Editor's note: This piece was originally published on Oct. 23, 2018.
Life in a small Great Lakes city can be challenging. The weather is often rough, the economy depressed and the prospects few. Despite those challenges, these places can still be desirable for some.
While the title character of Minnesota writer Leif Enger’s new novel, Virgil Wander, is the protagonist, the town Enger imagines, Greenstone, Minn., is every bit as important a character.
"There's something really gothic about it. And also, there's this beautiful tension that comes from a place being that gorgeous and yet that difficult to make a living in," he explains. "So, it seemed like that would allow for a pretty good story to grow up there."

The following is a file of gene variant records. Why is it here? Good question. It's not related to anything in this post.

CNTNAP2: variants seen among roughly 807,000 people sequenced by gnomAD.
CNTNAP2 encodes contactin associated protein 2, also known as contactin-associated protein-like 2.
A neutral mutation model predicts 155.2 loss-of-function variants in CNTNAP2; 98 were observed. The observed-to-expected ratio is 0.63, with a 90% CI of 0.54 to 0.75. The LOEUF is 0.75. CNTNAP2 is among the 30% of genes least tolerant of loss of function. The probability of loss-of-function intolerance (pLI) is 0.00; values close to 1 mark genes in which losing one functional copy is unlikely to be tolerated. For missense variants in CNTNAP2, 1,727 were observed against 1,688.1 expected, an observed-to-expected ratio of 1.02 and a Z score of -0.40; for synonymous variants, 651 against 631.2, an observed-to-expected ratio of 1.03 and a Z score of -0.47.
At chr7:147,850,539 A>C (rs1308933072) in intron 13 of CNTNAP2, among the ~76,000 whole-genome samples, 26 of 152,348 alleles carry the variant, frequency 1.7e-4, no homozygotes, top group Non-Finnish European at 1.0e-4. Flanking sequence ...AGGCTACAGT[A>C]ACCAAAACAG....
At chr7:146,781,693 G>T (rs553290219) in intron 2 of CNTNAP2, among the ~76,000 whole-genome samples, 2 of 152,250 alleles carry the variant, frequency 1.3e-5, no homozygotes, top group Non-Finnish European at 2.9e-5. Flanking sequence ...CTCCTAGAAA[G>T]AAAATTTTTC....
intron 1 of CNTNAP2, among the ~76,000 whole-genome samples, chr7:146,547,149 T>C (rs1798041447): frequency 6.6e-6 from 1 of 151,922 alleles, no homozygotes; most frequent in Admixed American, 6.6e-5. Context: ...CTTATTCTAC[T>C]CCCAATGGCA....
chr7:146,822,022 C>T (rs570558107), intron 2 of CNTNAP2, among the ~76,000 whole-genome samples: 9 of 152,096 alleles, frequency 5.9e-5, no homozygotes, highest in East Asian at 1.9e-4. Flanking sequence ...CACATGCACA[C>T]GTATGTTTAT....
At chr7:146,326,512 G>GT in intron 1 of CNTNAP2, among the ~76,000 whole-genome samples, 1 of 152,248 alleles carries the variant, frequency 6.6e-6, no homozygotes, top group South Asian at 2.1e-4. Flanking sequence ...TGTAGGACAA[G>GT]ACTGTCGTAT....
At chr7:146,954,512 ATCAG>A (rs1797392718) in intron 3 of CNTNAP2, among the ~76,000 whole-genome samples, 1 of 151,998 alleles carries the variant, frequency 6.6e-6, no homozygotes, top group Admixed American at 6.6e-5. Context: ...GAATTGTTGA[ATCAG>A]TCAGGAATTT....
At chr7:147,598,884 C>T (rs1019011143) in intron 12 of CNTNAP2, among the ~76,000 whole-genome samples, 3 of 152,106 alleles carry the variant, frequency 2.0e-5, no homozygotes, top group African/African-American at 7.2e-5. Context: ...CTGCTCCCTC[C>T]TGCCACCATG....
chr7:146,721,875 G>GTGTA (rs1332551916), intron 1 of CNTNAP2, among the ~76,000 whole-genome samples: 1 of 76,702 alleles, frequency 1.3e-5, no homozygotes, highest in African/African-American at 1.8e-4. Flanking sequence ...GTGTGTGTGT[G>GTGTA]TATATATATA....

Virgil Wander is Enger’s first novel in a decade, and he says it came from a place of personal loneliness, a product of "writing something I felt I badly needed."
Enger notes there's often a pull and magnetism of old towns that are often filled with tragedy and sadness. To put it simply, Virgil Wander is essentially "a story about a bad luck town in a beautiful place," he says.
The novel brought Enger to Milwaukee recently for an event at the Oriental Theater, and he also stopped by the Lake Effect studio to tell Mitch Teich more about what makes life along the Great Lakes such a compelling writing subject: